The track co-chairs invite scholars to discuss different macro perspectives regarding how and why markets create and exacerbate, exploit, or reduce and resolve social conflicts, and the outcomes on societal and consumer well-being. We welcome the submission of competitive papers, working papers, abstracts, and proposals for special sessions and roundtables.
Barrios, Andres., Kristine de Valck., Clifford Shultz., Olivier Sibai., Katharina Husemann., Matthew Maxwell-Smith., and Marius Luedicke. (2016). Marketing as a means to transformative social conflict resolution: lessons from transitioning war economies and the Colombian coffee marketing system. Journal of Public Policy & Marketing 35(2),185-197.
Barrios, Andres., Clifford Shultz, and Juan Carlos Montes. (2019). Entrepreneurship as Boundary Object: Toward Reintegration of Colombia’s Ex-Militants into Civil Society. Journal of Macromarketing, 39(4), 368-384.
Burkink, Tim., and Raymond Marquardt. (2009). Food or fuel? An analysis of systems in conflict. Journal of Macromarketing, 29(4), 374-383.
Chaudhury, Ray., Sarita Nafees, and Yasanthi Perera. (2020). “For the Gram”: An Exploration of the Conflict between Influencers and Citizen-Consumers in the Public Lands Marketing System. Journal of Macromarketing, 0276146720956380.
Kriesberg, Louis. (2007). Constructive Conflicts. Oxford, UK: Rowman & Littlefield Publishers.
Deutsch, Morton. (2006), “Cooperation and Competition,” in The Handbook of Conflict Resolution: Theory and Practice, M. Deutsch, P. Coleman and E. Marcus, eds. Hoboken, NJ: John Wiley & Sons, 23–42.
De Dreu, Carsten., and Daan van Knippenberg. (2005). The Possessive Self as a Barrier to Conflict Resolution: Effects of Mere Ownership, Process Accountability, and Self-Concept Clarity on Competitive Cognitions and Behavior. Journal of Personality and Social Psychology, 89 (3), 345–57
Lewin, Jeffrey E., David Strutton, and Audhesh K. Paswan. (2011). Conflicting stakeholder interests and natural gas: A macromarketing perspective. Journal of Macromarketing, 31(4), 340-358.
Marx, Karl and Friedrich Engels ( 1969), Manifesto of the Community Party. Moscow: Progress Publishers.
Mai, Nguyen Thi Tuyet., Don R Rahtz., and Clifford Shultz. (2014). Tourism as catalyst for quality of life in transitioning subsistence marketplaces: Perspectives from Ha Long, Vietnam. Journal of Macromarketing, 34(1), 28-44.
Manfredo, Mark., and Clifford Shultz (2007). Risk, trade, recovery, and the consideration of real options: the imperative coordination of policy, marketing, and finance in the wake of catastrophe. Journal of Public Policy & Marketing, 26(1), 33-48.
Shultz, Clifford. (2015), “The Ethical Imperative of Constructive Engagement in a World Confounded by the Commons Dilemma, Social Traps, and Geopolitical Conflicts,” A. Nill, ed. Northampton, MA: Edward Elgar, 188–219.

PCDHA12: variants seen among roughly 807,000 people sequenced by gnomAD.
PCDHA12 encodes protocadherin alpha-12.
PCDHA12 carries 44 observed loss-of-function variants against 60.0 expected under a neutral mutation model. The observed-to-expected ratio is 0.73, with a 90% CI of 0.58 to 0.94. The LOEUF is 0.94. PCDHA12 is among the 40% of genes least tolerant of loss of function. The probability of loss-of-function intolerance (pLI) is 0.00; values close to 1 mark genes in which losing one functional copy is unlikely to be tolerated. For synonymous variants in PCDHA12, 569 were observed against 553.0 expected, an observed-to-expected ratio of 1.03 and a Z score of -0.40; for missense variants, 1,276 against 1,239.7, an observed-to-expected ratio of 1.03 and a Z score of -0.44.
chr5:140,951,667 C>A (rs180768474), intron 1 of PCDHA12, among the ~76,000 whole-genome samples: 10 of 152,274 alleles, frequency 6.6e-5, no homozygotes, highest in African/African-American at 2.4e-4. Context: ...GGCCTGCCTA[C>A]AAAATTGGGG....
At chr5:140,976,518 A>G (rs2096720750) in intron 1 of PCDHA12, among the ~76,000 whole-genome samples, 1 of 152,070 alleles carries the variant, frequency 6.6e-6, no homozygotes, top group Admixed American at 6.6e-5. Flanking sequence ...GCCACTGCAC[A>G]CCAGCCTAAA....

Shultz, Clifford, Timothy J. Burkink, Bruno Grbac, and Nataša Renko. (2005). When Policies and Marketing Systems Explode: An Assessment of Food Marketing in the War-Ravaged Balkans and Implications for Recovery, Sustainable Peace, and Prosperity. Journal of Public Policy & Marketing, 24(1), 24-37.
Sredl, Katherine C., Clifford J. Shultz, and Ružica Brečić. (2017). The Arizona market: A marketing systems perspective on pre-and post-war developments in Bosnia, with implications for sustainable peace and prosperity. Journal of Macromarketing, 37(3), 300-316.
Tobias, Jutta M., Johanna Mair, and Celestina Barbosa-Leiker. (2013). Toward a theory of transformative entrepreneuring: Poverty reduction and conflict resolution in Rwanda’s entrepreneurial coffee sector. Journal of Business Venturing, 28(6), 728-742.
Weiermair, Klaus. (2000). “Tourists’ perceptions towards and satisfaction with service quality in the cross‐cultural service encounter: implications for hospitality and tourism management.” Managing Service Quality: An International Journal.
The next normal for Social Marketing: Transformative Holistic Change
>Ann-Marie Kennedy (main contact), firstname.lastname@example.org,
Christine Domegan, email@example.com,
Josephine Previte, firstname.lastname@example.org,
The next normal for social marketing is to contribute to crises such as the pandemic, climate change and growing social inequalities. The crises and challenges facing social marketing are no longer simple problems lending themselves to simplified decision making. They are complex, multi-level and multi-stakeholder based problems demanding complex decision making in local-to-global contexts. Social marketing’s response should be equally complex, multifaceted, impactful and evolving. It needs to be transformative (Previte and Robertson, 2019). We therefore challenge social marketers to not simply equate transformation to the advancement of wellbeing, but to draw from macromarketing knowledge to explain and theorise “uplifting changes among individuals and collectives in the marketplace” (Blocker and Barrios, 2015, p. 269).